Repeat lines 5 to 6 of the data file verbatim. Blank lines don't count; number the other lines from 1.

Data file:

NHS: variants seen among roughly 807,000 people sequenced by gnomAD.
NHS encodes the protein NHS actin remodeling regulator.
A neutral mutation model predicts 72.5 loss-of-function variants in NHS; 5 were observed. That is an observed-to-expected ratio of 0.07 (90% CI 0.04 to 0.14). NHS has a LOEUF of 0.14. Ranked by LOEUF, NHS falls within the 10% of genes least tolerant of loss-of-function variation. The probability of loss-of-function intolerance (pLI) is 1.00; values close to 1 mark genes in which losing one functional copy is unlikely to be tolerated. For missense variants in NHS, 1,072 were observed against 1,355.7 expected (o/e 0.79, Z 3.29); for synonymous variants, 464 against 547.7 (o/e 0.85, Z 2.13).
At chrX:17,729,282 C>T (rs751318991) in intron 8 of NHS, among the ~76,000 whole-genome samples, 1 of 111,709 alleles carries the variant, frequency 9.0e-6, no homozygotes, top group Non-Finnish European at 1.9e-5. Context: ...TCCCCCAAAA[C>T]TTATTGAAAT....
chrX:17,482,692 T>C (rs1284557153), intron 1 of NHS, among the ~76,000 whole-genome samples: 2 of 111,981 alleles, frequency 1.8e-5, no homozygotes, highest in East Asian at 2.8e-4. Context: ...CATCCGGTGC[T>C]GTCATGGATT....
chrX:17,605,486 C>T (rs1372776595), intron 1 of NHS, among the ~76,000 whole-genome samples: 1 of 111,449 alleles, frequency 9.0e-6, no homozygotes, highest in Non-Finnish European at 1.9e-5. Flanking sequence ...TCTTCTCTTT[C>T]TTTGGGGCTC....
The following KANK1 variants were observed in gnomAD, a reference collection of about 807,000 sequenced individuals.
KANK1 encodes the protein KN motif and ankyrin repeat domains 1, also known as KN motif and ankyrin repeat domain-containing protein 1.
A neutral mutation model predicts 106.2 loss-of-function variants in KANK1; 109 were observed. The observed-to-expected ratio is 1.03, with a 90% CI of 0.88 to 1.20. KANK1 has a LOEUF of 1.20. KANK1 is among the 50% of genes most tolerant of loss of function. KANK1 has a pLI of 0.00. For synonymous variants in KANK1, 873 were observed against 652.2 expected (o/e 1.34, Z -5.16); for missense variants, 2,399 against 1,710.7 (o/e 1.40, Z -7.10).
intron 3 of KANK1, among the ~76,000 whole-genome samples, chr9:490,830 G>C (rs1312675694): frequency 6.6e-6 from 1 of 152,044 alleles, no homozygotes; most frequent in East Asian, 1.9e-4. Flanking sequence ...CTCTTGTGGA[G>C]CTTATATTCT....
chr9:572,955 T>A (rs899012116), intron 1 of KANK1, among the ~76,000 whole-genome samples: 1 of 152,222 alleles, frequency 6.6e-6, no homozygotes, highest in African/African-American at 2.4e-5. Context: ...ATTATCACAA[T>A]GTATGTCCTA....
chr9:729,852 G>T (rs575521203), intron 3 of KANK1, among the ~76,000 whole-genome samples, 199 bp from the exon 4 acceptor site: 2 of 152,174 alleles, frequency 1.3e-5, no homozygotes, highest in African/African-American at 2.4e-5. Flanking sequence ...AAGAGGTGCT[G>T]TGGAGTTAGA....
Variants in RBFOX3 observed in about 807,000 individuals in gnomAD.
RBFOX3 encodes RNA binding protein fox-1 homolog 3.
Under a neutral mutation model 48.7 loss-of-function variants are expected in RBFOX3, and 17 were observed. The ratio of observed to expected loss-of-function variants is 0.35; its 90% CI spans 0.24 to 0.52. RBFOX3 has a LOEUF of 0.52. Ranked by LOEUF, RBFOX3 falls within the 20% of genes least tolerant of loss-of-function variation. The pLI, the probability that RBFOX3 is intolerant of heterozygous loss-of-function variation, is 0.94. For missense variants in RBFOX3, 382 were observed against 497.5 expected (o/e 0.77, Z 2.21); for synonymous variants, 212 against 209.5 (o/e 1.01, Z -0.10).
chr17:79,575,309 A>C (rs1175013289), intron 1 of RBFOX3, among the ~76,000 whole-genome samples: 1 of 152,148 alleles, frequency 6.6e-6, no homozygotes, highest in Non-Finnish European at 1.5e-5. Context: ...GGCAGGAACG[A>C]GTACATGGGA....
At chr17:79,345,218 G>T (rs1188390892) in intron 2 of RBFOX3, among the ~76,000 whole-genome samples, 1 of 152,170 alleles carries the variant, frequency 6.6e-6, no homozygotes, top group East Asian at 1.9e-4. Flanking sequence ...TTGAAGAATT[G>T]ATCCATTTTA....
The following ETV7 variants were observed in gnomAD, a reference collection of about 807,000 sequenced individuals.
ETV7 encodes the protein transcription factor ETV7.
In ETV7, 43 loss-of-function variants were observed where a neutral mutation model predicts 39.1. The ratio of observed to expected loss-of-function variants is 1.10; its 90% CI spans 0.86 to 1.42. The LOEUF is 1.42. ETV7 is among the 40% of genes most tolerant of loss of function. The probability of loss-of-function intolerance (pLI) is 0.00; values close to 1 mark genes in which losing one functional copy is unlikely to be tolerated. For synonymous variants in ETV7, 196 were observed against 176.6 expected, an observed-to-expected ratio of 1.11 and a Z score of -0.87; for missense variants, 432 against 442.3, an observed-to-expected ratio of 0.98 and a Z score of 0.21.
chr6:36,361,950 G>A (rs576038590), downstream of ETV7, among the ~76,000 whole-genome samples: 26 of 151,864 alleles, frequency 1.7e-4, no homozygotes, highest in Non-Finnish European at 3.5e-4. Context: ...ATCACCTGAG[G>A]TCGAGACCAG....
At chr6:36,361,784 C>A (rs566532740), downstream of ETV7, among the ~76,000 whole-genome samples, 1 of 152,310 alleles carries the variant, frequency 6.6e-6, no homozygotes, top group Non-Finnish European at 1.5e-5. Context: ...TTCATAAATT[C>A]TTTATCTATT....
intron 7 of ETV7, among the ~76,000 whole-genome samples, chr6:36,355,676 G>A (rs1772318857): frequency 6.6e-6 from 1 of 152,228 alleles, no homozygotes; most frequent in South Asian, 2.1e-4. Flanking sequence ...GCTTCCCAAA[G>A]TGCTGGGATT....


chrX:17,482,692 T>C (rs1284557153), intron 1 of NHS, among the ~76,000 whole-genome samples: 2 of 111,981 alleles, frequency 1.8e-5, no homozygotes, highest in East Asian at 2.8e-4. Context: ...CATCCGGTGC[T>C]GTCATGGATT....
chrX:17,605,486 C>T (rs1372776595), intron 1 of NHS, among the ~76,000 whole-genome samples: 1 of 111,449 alleles, frequency 9.0e-6, no homozygotes, highest in Non-Finnish European at 1.9e-5. Flanking sequence ...TCTTCTCTTT[C>T]TTTGGGGCTC....